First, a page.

The day my younger sister got her first car, a 2005 Altima, she put diesel in the tank of a regular gas car. I could include some quotes from her and my parents that night, but this is a PG piece, so let’s keep it that way. A few hundred dollars later, it makes for a funny story at family get-togethers.
The BMW X3 I recently tested was the diesel model. It says, in large letters on both the gas gauge and gas cap: DIESEL. It’s clear that BMW doesn’t want any mistakes in filling the tank.
Right off the bat, I’m going to apologize to good folks at BMW Canada for racking up a bit too much mileage on the 2015 BMW X3 xDrive28d. They said to enjoy the vehicle and that’s what I did, but c’mon, you gave me a wonderfully crafted luxury CUV for a week and that diesel engine gave me tremendous mileage plus it was cheaper than regular gas at the time. I couldn’t help myself!
Maybe I should also apologize for doing nearly the same thing to the 228i when I did my rock ’n’ roll road trip to Sarnia and back. Sorry, BMW—I guess your cars are just simply great for road trips. And I do love a good road trip—the sing-alongs (well, drum-alongs on the steering wheel for me—you don’t want to hear me sing), the food/bathroom breaks in small towns, the excitement of going somewhere new. Whether it was my first car (a 1987 Volvo 240 DL station wagon—form a line to the left, ladies) or both my 2005 and 2010 Mazda 3 hatchbacks, the time in the car was always unforgettable. I often reminisce about those drives, or about how much fun it was to go to Grove City with a new girlfriend.
I once drove from Mississauga to Charlottetown, PEI, and those were my favourite two days ever spent in a car.
I had a work road trip planned to London for a weekend in October and it coincided with my week with the X3. While my travel companion and I had a blast in London, I can say that in the majority of my 30-plus years of road trips, the cliché holds true: it’s about the journey, not the destination—even if that journey involves getting my 2002 Elantra written off after hitting a deer in Scotrun, Pennsylvania many years ago. Yikes.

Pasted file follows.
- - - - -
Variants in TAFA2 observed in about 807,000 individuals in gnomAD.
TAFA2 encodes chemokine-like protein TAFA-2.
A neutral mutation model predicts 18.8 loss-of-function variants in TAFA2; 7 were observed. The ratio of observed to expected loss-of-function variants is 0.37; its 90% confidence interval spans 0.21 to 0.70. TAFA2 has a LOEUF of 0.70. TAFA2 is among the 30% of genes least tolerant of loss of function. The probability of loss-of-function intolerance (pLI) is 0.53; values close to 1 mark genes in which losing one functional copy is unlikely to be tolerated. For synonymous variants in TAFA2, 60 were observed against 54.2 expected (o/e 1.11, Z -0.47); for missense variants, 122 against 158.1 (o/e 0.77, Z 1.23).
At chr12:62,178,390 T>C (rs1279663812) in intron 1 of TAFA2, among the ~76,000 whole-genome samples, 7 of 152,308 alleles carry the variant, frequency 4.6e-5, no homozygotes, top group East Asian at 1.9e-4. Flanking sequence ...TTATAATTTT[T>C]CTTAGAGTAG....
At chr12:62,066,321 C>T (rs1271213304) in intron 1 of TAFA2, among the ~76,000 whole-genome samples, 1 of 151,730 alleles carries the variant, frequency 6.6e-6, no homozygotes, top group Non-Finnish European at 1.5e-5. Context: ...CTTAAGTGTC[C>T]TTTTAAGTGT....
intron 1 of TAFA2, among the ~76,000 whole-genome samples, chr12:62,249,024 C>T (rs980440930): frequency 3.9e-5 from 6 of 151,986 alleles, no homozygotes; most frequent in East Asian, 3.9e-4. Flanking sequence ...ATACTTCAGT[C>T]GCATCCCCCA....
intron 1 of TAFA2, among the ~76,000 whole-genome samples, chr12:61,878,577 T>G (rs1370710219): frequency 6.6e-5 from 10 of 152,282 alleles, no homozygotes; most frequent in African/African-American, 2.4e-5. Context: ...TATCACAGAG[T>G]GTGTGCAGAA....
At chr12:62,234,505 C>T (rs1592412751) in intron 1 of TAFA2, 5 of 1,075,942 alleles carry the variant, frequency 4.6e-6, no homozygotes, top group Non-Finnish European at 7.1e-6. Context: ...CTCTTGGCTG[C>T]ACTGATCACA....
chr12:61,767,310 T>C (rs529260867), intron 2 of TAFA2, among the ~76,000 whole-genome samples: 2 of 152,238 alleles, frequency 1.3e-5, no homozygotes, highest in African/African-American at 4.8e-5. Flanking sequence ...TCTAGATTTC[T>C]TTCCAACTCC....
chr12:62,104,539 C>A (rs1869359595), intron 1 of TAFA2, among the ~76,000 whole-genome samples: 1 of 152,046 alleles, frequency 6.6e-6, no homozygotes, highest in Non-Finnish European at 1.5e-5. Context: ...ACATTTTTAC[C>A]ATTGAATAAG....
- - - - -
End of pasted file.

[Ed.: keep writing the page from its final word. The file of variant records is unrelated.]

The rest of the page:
For this exercise, the X3 was a noble chariot. The seats were supportive and comfortable, the centre console/iDrive system was easy to navigate and the dashboard had a clean, modern layout, which is a staple for recent BMWs. While London isn’t that far of a drive, there’s always traffic on the 401, and that lengthens even the shortest of drives, let alone a road trip and hour or so away.
I’m fond of smaller cars, especially hatchbacks. I find them the most practical and BMW hasn’t disappointed me with this X3. I really like the way it’s been presented to this consumer segment, and starting at $45,000, it’s in the ballpark for a luxury model CUV. There are lots of great features in the X3 to make nearly any driver happy. I love natural light, so the panorama sunroof was a great addition and came with the premium package.
I toted around London, Port Burwell, Mississauga, Milton, Toronto and Brampton, and the Alpine White X3 tested equally well in both rural and urban environments. Its 181 horsepower supplied ample pep to get me where I was going. I’m not a hard driver, so I value smooth acceleration in a car, and this one had it. (Besides, who wants to waste gas just to race to the next stop? Not me—better to keep my fill-ups to a minimum and my bank account at a maximum.)
So if you’re road tripping, or going for a drive in the country or city, just love the drive. Enjoy your co-pilots or appreciate the solitude. Turn the music up loud or turn it off. Engage in memorable conversations with others or, often in my case, with yourself.